At least that’s what I think they’re talking about. In the Speaking Out section (p. 32 of the January 2008 issue), you find this:
Carnival can count on at least one hatchet job a year. In 2006, it was a documentary that, in preaching against perceived intolerance, was as close-minded, uninformed and unfair to innocent people as the bigotry it portended to erase.
Awkward writing aside, this statement is a crock. By Invitation Only may have ruffled the feathers of elite New Orleanians, and they may have been duped a bit, but Rebecca Snedeker and her colleagues did a hell of a job exposing some people for what they are–racist, sexist, classist pricks who give a bad name to our city. I’m not sure why NOM thinks this was a hatchet job, but I’d like to know more about what it considers to be unfair and uninformed. In fact, the fact that Snedeker was informed allowed her to make the movie and to make it effective. I, for one, was glad to see what was there, even if there may have been a touch of misinformation on the part of the (willing or not) participants in the film.
Part of what chaps me is that shit likes this gives people the perception that NO is more racist than other places. I feel strongly that although there is plenty of racism here, and more than most of us would like to see, the average New Orleanian is pretty damned tolerant, and that tolerance is one thing that leads us to love the city. Yeah, this is the area that spawned David Duke and the “Wake Up White People” bumper stickers around town, but I’ve certainly never lived where my neighbors were so diverse. Nowhere growing up, Topeka-Tulsa-Lawrence-Lincoln-Beaumont, did I or my family ever have neighbors any blacker, poorer, or much different in any way than ourselves. Yet here, where I choose to live, it’s a different deal. And yet I’m painfully aware that some people wish we could go back to the “good old days” of race and class separation. This movie exposes that, and cheers to Rebecca for illuminating the rest of us.
Nevertheless, when I worry that maybe the world’s perceptions are right, and we are assholes, or I read the comments in the nola.com blogs and see the outright bigotry that they show, I come across something like this, from the progressive West. Just take a look at the article and the comments; pricks everywhere, indeed.
UPDATE: Here’s the letter I sent to NO Magazine…
I assume the above passage refers to Rebecca Snedeker’s documentary “By Invitation Only.” I would like to know exactly what about the film you believe to be so “close [sic]-minded, uninformed and unfair to innocent people” as to warrant the label of “hatchet job.” As a non-elite New Orleanian, I found the film to be enlightening and strangely sympathetic to the well-connected citizens who are sometimes blissfully unaware of the hideousness of their organizations’ traditions.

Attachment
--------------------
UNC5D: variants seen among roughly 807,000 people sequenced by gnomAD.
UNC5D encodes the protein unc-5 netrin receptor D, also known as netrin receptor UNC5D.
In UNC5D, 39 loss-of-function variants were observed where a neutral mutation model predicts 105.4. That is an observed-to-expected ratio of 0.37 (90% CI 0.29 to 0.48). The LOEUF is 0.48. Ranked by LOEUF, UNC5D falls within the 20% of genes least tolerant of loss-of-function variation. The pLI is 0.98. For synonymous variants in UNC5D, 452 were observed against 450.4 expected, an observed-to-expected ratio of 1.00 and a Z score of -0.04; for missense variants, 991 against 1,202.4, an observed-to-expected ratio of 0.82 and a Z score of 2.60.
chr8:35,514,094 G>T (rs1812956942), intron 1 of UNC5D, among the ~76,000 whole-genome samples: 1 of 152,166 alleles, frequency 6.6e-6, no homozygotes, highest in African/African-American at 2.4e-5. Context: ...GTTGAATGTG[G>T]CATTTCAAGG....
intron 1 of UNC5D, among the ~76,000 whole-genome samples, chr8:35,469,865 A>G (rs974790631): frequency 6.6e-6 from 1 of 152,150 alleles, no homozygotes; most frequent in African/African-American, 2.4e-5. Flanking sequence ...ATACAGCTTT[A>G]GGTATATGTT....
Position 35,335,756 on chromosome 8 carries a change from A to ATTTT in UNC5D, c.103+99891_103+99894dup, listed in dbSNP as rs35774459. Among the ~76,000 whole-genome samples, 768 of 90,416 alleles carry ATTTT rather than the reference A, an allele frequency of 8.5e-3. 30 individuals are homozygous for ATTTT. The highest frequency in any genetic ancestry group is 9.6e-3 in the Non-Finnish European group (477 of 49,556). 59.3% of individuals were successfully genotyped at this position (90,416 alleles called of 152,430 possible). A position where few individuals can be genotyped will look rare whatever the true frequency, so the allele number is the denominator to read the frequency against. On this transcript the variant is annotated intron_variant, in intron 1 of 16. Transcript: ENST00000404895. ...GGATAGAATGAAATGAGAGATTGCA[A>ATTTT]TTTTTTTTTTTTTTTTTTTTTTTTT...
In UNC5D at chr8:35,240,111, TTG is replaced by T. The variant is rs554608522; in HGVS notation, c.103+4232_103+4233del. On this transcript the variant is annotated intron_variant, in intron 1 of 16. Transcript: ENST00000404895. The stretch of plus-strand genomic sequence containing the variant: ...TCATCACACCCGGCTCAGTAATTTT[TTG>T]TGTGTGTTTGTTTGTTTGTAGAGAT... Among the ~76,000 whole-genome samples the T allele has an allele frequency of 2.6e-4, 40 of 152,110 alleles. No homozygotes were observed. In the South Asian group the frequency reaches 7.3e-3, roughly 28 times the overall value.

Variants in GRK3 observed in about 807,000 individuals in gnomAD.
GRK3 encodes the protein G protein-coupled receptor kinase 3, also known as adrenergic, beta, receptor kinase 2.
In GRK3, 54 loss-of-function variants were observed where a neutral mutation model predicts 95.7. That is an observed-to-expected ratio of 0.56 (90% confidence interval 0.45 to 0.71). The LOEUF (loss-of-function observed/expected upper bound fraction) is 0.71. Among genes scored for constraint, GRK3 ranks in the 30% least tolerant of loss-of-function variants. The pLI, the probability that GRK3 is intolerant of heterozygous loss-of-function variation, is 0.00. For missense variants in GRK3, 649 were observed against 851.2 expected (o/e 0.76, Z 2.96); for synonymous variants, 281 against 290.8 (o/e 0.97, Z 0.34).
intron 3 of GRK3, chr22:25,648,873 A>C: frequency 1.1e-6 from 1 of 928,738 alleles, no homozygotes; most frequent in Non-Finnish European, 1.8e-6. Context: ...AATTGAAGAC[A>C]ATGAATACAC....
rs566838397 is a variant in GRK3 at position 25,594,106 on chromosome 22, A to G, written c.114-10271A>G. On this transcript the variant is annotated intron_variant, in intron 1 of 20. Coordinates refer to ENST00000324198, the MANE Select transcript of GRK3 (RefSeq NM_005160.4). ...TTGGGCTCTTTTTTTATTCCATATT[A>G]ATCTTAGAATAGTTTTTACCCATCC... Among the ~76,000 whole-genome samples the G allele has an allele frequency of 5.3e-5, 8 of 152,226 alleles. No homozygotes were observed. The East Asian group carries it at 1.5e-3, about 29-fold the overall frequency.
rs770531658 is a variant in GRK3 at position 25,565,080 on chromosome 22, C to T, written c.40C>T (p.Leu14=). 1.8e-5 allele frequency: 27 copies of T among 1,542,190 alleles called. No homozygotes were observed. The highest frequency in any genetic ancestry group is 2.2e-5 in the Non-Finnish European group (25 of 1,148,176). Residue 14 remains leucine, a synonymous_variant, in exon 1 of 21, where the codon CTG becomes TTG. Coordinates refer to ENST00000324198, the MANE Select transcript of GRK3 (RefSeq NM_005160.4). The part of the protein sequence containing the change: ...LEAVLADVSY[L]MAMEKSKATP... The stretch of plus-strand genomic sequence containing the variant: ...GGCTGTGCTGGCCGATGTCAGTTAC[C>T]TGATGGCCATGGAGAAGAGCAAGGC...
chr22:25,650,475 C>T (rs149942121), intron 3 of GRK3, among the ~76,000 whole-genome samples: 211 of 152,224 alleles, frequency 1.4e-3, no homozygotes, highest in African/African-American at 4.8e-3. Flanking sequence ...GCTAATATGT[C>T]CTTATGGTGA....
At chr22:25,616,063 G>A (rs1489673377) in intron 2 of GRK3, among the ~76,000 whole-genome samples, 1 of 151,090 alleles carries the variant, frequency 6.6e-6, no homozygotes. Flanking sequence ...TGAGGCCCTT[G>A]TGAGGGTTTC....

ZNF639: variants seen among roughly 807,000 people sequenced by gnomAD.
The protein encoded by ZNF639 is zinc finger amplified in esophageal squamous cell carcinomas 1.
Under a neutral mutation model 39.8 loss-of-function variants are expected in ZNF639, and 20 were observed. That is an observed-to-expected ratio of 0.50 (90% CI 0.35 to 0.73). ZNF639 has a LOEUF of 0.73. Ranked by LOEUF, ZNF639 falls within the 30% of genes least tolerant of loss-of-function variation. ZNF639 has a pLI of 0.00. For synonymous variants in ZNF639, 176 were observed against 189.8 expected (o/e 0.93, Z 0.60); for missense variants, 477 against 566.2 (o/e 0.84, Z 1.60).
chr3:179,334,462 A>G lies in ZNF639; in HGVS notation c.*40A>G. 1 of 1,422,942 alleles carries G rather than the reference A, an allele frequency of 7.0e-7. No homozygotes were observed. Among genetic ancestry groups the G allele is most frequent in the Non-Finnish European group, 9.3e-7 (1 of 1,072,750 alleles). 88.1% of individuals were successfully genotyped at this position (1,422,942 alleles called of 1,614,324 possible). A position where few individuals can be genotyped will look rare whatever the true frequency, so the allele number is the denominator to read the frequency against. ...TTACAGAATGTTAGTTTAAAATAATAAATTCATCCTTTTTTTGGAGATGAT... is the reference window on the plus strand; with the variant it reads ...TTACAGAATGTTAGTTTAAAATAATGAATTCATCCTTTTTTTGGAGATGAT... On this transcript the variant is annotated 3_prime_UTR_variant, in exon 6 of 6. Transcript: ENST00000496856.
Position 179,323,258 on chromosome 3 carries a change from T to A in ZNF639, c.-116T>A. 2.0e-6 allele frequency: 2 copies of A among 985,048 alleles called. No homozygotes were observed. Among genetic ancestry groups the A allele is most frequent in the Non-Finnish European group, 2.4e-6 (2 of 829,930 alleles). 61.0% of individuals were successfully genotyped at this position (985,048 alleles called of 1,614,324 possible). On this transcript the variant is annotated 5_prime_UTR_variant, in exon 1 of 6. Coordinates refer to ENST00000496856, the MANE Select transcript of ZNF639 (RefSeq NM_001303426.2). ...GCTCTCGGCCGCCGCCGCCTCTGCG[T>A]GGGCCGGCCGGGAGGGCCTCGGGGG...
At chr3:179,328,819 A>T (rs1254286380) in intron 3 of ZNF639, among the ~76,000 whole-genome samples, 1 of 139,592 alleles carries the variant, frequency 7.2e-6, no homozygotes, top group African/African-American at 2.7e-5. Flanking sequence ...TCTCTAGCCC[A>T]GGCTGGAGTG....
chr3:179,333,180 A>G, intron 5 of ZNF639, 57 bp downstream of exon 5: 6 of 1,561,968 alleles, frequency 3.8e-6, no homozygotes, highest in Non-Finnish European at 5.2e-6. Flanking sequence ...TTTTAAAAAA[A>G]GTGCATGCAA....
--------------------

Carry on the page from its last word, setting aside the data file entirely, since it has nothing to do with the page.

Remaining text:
As Harry Connick, Jr. showed us in founding Orpheus, Mardi Gras need not continue to embrace the discriminatory norms of old line Mardi Gras krewes in order to be exciting, flamboyant, and traditional. The film didn’t “portend” (I assume you meant purport) to erase bigotry but to expose it, and it did so effectively. It’s true that some people may have been somewhat deceived as to the purpose of the filming, but as we are often told when it comes to things like the Patriot Act, if you’re not doing anything wrong, you should have nothing to hide.
Would the krewe have admitted Snedeker’s Black boyfriend? Did they not lampoon Darwin in past themes? Do some of the traditions not hearken back to a time of antebellum simplicity and clarity of class standing? If not, then rebut these claims in your magazine (I searched for any coverage of the film and found none), rather than broadly dismissing the film as irrelevant or off-base.
I don’t disagree with the article’s premise that Mardi Gras has saved New Orleans; indeed, we all felt the presence of something like a miracle in the exuberance of Mardi Gras 2006. Still, Mardi Gras does what it does in spite of, and not because of, the bizarre and discriminatory history of the celebrations. Tradition is great to a point, but times change, and Mardi Gras is changing with it. All hail Zulu & Muses!